How many people are better off than their parents? Depends on how you cut the data says the Brookings Institution

Two studies, using the same data set, produce results on absolute mobility that are 20 points apart. How does this happen? Dimitrios Halikias and Richard Reeves offer a number of possible explanations.

Few questions dominate politics more than the question of whether the next generation will be better off than the last; it is almost the definition of progress. That is why estimates of absolute mobility—i.e., the likelihood a child will be financially better off than their parent was at around the same age—are so important.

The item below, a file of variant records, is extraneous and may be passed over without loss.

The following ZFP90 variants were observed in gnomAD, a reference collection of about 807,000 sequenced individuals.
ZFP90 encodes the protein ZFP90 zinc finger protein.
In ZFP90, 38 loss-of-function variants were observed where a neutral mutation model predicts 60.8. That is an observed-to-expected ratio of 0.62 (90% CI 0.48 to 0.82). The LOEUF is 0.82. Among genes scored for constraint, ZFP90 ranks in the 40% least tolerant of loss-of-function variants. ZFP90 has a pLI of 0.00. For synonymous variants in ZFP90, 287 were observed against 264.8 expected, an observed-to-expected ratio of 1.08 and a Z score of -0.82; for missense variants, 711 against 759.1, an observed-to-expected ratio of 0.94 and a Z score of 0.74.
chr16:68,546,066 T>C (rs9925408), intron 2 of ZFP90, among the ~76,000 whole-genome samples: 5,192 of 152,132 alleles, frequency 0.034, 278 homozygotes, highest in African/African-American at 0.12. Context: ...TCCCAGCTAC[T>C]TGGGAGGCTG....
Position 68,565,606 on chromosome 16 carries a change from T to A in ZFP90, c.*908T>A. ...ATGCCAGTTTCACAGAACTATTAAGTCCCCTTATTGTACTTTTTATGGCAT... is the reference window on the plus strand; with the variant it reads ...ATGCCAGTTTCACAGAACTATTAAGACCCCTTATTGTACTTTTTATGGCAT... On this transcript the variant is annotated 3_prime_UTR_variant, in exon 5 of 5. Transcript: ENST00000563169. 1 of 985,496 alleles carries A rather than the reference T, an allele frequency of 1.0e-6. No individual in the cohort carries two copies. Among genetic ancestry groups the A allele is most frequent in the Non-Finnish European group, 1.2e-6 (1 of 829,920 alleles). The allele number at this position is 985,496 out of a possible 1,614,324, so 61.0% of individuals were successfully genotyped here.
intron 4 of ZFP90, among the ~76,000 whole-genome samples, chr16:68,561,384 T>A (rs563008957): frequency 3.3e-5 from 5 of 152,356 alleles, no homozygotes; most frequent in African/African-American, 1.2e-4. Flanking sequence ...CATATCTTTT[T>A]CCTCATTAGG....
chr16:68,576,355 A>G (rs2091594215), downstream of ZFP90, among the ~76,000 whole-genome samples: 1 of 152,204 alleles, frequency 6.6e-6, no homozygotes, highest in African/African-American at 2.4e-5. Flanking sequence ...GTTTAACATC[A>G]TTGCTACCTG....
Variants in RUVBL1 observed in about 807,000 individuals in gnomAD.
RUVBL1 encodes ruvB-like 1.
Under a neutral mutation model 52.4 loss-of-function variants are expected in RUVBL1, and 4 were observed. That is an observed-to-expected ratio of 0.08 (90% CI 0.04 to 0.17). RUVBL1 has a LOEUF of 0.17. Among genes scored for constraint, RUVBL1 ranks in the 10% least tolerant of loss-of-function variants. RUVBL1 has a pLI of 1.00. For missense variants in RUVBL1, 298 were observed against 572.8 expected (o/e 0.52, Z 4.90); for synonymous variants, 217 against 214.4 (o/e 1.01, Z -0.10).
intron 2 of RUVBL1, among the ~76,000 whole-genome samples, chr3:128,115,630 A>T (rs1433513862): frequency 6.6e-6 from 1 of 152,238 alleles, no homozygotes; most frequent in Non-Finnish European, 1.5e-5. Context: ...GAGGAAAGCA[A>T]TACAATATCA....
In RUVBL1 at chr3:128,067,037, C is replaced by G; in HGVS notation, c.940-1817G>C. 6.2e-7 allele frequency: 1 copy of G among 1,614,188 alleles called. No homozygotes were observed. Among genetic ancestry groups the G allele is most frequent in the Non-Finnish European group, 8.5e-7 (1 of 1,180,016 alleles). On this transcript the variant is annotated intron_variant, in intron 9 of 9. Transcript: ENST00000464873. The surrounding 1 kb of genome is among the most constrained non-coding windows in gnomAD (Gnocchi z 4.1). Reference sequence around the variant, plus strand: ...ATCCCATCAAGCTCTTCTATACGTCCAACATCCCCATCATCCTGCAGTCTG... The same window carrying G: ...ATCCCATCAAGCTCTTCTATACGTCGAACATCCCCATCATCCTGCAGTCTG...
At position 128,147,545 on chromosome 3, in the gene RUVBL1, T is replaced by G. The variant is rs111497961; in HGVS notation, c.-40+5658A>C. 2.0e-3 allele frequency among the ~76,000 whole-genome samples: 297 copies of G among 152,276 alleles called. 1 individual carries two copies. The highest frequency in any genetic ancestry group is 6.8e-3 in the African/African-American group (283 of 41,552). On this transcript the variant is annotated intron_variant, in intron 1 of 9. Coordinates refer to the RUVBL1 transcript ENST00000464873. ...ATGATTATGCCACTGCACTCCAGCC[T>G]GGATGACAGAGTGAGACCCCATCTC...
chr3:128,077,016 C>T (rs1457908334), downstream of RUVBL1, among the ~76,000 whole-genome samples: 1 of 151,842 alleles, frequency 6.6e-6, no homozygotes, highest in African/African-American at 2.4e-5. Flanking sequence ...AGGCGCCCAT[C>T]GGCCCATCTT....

But these estimates can vary quite drastically. A new Urban Institute report finds that 63 percent of Americans have a higher income than their parents did. But an earlier, much-cited report from Pew painted a much rosier picture, with 84 percent surpassing their parents’ income:

Read the full report here: How many people are better off than their parents? Depends on how you cut the data. | Brookings Institution

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